ISO is all about a cameras sensitivity to light, more specifically the cameras image sensors sensitivity to light. Take a look at the chart below, it gives a summary of how the ISO scale works.
The higher the number, the greater your ability to take photos in low light becomes and vice versa. The drawback here is that higher ratings can produce a grainy result in your photograph know as 'noise' so as a pro tip you want to use the lowest ISO number you can to help reduce the noise in a photo.
Aperture is the opening in the cameras lens that lets the light in and how big or small that hole may be. Its handy to think of this in a similar way to your eyes. Have you ever found yourself squinting to make something appear more focused? This is the same as how a camera works - the smaller the opening the more focused the image will be. When you are looking at the description for a camera lens it will say something along the lines of F2.8 - F5.6, this refers to that lenses aperture capabilities. Have a look over the chart below, hopefully it will help to understand the aperture scale a little bit more. Further below is an example of what the same image can look like with different aperture settings.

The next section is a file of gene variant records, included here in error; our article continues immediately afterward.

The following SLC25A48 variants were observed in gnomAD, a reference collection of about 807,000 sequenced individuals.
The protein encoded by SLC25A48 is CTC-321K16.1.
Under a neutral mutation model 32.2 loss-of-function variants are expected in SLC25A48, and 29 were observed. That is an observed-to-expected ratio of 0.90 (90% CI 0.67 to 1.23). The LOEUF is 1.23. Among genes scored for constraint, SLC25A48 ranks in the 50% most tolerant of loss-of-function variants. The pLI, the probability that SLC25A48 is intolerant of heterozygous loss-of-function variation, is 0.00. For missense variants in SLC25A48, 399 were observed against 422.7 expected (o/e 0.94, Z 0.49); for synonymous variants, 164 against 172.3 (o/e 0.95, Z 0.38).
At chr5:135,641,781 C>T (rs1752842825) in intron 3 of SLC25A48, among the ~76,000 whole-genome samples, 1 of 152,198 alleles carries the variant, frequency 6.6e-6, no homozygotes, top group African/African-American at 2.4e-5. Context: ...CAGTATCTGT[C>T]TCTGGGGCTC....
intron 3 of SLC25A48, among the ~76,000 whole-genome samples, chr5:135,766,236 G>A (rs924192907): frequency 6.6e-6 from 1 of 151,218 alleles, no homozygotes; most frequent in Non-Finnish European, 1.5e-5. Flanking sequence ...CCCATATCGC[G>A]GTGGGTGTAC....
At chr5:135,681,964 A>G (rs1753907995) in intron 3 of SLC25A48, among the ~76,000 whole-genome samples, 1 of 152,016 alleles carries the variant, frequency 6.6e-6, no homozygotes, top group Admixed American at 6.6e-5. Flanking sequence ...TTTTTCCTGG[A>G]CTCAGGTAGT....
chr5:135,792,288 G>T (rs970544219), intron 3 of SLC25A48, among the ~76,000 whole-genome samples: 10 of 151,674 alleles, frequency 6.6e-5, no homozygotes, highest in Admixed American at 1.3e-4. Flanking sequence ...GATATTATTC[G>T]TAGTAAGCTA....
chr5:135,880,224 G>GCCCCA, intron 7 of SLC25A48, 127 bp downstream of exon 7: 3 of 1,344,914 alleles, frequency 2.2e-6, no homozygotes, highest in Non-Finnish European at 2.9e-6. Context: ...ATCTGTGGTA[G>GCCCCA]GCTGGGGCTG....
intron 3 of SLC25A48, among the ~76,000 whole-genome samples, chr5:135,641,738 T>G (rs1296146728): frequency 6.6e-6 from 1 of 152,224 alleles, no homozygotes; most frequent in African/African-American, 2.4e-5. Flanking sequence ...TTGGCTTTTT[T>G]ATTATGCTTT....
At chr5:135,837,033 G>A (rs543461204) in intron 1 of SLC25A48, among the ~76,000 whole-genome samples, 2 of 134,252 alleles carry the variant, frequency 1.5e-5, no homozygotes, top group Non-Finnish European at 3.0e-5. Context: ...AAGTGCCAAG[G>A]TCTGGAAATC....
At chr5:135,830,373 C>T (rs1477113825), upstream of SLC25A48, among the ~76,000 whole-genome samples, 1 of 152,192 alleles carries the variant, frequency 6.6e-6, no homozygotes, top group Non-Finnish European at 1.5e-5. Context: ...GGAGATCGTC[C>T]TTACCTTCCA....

Inside of your camera, in front of the camera sensor there is a sort of curtain that is designed to block light getting to the sensor. When you press the button (also known as the "shutter button") to take a photo this then opens the curtain allowing the sensor to collect light and closes again once the photo has been captured. The Shutter Speed is the length of time the camera shutter is open. If you a using a "long" shutter speed then any motion in the photo will be blurred, the opposite is also true when using a "short" shutter speed can freeze motion. Experimenting with the shutter speed can create some really cool effects in your photography so it is worth playing around. Have a look at the image below for a visual representation of shutter speed.